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The Notebook's First Annual Writers' Poll: Zachary Wigon

Each of the Notebook's writers were given the opportunity to submit two lists of their ten favorite films of 2008.  One is restricted to films receiving at least a week's theatrical run in the U.S., a limitation regretfully imposed only so that we may arrive at a final tally of the Notebook's overall favorites released this year.  The second list is optional, and opens up the field to anything seen in 2008, new or old, festival or regular release.  Each writer is also given space for words of explaination, rant, annotation, or anything else that occurs to them about their film viewing in 2008.
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Distribution:
Hunger
Paranoid Park
Encounters at the End of the World
Wendy and Lucy
4 Months, 3 Weeks, 2 Days
Reprise
My Winnipeg
Happy-Go-Lucky
Che
The Flight of the Red Balloon

Everything:

Hunger
Paranoid Park
Afterschool
Encounters at the End of the World
Wendy and Lucy
Sugar
4 Months, 3 Weeks, 2 Days
Reprise
My Winnipeg
Happy-Go-Lucky

I was thinking about trying to do a write-up that would consist of my thoughts on 2008 as an enclosed entity for cinematic trends and movements, until I realized that such write-ups tend to feel a bit forced to me. 2008 was not that different from 2007, and 2009 will probably not be much different than 2008, in terms of the amount of good or bad films produced, the amount and types of trends we see emerging, et cetera. One thing I did find notable was that 2008 saw not one, but two extremely young filmmakers premiere their films at the Cannes Film Festival, an exciting sign that younger filmmakers are finding it easier to get their work out there. I am referring to Antonio Campos and Josh Safdie, whose The Pleasure of Being Robbed I found admirable in its ambition, and enjoyable, but not enough so to make my list. It has been all too difficult in the past for younger filmmakers to make feature films and be taken seriously; perhaps that is changing.

My abbreviated thoughts on the three best films I saw this year:

Hunger (Steve McQueen) is one of the best films I have ever seen. I saw it at NYFF, but it wasn’t until my second viewing that I grasped how fiercely political this film is. The film is extremely, uncompromisingly formal, and its stylistic audacity is such that one becomes bowled over by it; a second viewing is necessary for the full political implications of the work to sink in. To risk sounding platitudinal, this is a film about the giant idea of sacrificing one’s life for a cause greater than oneself. That kind of commitment is the core of serious political action, and unsurprisingly, it is commonly tackled in films, almost always from a sentimental angle. Hunger has barely any dialogue in it, save for the one-act play that is found in the middle of the film, and never comes close to the realm of sentimentality. It understands how the body is a political instrument in a manner that illuminates the deep, physical connection that political heroes have to their causes. The film’s protagonist compares himself to Jesus at one point. It may be a bit much, but as Woody Allen once said, you have to model yourself after somebody.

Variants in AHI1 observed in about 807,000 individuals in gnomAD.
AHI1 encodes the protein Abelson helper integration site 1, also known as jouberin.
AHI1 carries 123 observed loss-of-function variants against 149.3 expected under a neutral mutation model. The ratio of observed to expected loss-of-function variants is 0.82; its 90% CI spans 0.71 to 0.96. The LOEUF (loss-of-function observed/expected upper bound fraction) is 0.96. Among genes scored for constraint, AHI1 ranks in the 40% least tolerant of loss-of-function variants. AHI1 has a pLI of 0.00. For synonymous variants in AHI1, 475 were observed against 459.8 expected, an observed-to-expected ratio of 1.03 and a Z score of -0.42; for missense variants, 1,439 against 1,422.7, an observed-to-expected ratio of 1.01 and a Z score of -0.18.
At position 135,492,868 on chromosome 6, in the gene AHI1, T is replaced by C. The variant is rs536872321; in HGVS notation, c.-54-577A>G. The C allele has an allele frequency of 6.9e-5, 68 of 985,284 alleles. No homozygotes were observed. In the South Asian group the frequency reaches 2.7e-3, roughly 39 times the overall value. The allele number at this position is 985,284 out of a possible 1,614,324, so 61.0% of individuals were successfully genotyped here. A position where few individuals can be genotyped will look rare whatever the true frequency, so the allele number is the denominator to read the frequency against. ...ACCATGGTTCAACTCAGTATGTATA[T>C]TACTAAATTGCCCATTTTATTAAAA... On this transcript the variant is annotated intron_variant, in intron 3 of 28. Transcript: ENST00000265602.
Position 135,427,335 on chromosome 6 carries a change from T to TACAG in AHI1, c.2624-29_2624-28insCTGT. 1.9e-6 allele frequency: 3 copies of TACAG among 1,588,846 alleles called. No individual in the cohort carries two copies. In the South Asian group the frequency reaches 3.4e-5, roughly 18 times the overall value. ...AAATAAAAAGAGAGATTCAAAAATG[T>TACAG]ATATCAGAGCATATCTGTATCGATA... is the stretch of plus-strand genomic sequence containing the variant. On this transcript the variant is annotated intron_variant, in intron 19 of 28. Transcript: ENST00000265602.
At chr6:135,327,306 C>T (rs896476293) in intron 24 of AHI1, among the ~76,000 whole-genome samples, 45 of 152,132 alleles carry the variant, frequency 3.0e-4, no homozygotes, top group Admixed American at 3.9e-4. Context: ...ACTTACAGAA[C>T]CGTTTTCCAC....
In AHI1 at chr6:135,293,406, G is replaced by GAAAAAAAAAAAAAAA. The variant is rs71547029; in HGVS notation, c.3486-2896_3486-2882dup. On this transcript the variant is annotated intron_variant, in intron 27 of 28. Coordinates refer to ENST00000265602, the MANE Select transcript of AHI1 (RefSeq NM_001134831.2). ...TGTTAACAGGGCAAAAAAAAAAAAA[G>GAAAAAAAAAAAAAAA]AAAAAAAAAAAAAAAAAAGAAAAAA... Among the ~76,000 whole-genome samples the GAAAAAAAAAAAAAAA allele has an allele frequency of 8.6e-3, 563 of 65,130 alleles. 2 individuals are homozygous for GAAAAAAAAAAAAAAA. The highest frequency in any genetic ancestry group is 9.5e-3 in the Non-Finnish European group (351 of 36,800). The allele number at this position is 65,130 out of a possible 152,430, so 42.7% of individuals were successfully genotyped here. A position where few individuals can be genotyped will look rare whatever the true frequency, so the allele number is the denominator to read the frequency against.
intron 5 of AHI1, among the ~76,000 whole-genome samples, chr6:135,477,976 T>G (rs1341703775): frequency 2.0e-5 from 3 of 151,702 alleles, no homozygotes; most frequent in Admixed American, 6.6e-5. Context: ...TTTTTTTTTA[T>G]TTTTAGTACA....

Paranoid Park (Gus Van Sant) is the logical endpoint of Gus Van Sant’s four film journey that began in Bela Tarr land, and ended with his own, distinct style of cinema. This journey produced two films that are great (Gerry and Last Days), one that is transcendent (Paranoid Park), and one mediocre film, Elephant. Van Sant really delved into the formal tenets of cinema with this digression, and came out proving that his grasp on what is purely cinematic is as strong as that of any filmmaker working today. From 2002 to 2007, no American filmmaker was more important. Paranoid Park is an extremely formal film, but Van Sant’s more subtle decisions are equally as powerful as his more obvious ones, such as the usage of dreamy, gorgeous Super-8mm. No one can photograph a face like Van Sant does, and his extended close-ups of his protagonist are more aptly compared to portrait photography and painting than to other examples of work in the cinema.

Afterschool (Antonio Campos) is the first film I’ve seen that captures exactly what it felt like to be growing up amidst the technological / internet boom that has occurred in this country over the last ten years. There have been plenty of attempts to incorporate the idea of digital reality as mediator of social interaction into a film (LOL comes to mind), but nothing with the eerie authenticity of Campos’ work of hyper-reality. Campos’ depiction of teenage self-consciousness and alienation finds its perfect double in the self-interest and reclusive tendencies encouraged by the Internet. On a superficial level, it’s true that it is not a realistic depiction of the way teens behave; but as Picasso quipped, “art is the lie that reveals the truth.” Campos’ film is hyperbolic in order to accentuate the tiny changes that are taking place amongst young people today – tiny, but pregnant with importance.
 

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